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What Is the Real Message of Elections?
Wednesday, November 10, 2010 • Posted November 10, 2010

Last week's election results really came as no surprise to anyone who has actually been watching the news and keeping up with current events. When Wednesday dawned, the House had reverted to Republican dominance (by a huge majority) and the Senate had a more even spread between the two major parties.

The pundits and talking heads were immediately all over the story, asking, "What are the voters saying?" I think that one needs to be careful about reading too much into what voters "say," as we Americans have proved ourselves sadly fickle when we head to the voting booth.

In 2006, after six years of Republican control of the House, Senate and the White House, voters sent a message by handing over Congressional control to the Democrats. It left President Bush with two years of having to actually negotiate with Congress rather than expecting a rubber stamp of any actions he made.

In 2008, the voters sent another message, electing Barack Obama over John McCain, putting Democrats in control of Congress (with a slim, filibuster-proof Senate) and the White House.

In 2010, the voters sent another message, splitting Congress with a Republican-controlled House, a slimly Democrat-controlled Senate, and a Democrat-controlled White House.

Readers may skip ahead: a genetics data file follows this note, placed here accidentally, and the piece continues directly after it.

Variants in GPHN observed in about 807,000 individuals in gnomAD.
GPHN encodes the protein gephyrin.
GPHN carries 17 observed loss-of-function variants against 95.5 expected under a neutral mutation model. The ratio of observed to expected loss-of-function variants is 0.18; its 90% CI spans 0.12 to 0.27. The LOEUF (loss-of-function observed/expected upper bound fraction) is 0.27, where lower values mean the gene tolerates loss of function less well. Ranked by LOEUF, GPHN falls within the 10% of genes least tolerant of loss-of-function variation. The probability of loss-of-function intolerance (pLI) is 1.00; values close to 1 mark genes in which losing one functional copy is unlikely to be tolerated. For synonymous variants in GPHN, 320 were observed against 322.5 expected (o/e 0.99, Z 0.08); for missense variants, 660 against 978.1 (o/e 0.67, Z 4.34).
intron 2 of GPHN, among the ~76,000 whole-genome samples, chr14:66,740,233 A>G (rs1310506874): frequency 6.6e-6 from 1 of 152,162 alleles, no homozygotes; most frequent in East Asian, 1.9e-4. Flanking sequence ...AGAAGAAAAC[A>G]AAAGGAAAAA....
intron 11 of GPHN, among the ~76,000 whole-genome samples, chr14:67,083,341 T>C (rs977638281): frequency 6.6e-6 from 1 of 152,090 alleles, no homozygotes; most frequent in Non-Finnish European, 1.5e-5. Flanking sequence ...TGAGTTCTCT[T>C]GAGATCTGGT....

One cannot read a message into the 2010 elections without also recognizing what happened in 2006 and 2008 and figuring out what those messages mean to the current election. But, pundits and politicians have short memories!

Voters react. We forget what has happened in the past year, two years, four years,,, instead, we only remember what has happened in the news during the last month. There is a reason that so much money is spent on political advertising - we respond to it! We hear that someone is a bad person. We don't check to see if its true; but, instead, we automatically decide we will vote for their opponent. We don't have any facts, we only have the image we've been handed by carefully crafted advertising.

We now conduct our elections much like a season of American Idol. Though we know that Billy is the best singer and the best entertainer, we like the bizarre story spun by Sue, and so we keep her in the race to keep things interesting. Much to our surprise, Billy loses to Sue because she knew how to work the crowd in her favor. Sue never turns out any music worth keeping; but, she provided us with one good season of entertainment, and we're okay with that.

I suppose it was inevitable. We seek out our news from sources that make no secret of their biased slant. We recently learned that Keith Olbermann was suspended for openly contributing to Democratic candidates, in violation of MSNBC policy. Over at FOX, we learned that the majority of their staff contributed to Republican candidates; but, FOX doesn't prevent their employees from having conflicts of interest.

We get emails that claim the Senate candidate is from Mars. There is absolutely no proof, nothing to substantiate the rumor; but, since it's a candidate we've been trying to hate, it's good enough for us to consider it as fact and pass it along to others as the truth.

We get what we deserve in politics. Sometimes we get lucky and elect someone that actually tries to do the job they're supposed to do. More often, we get candidates that reflect our own lack of attention to what's really going on.

It’s all just my opinion.

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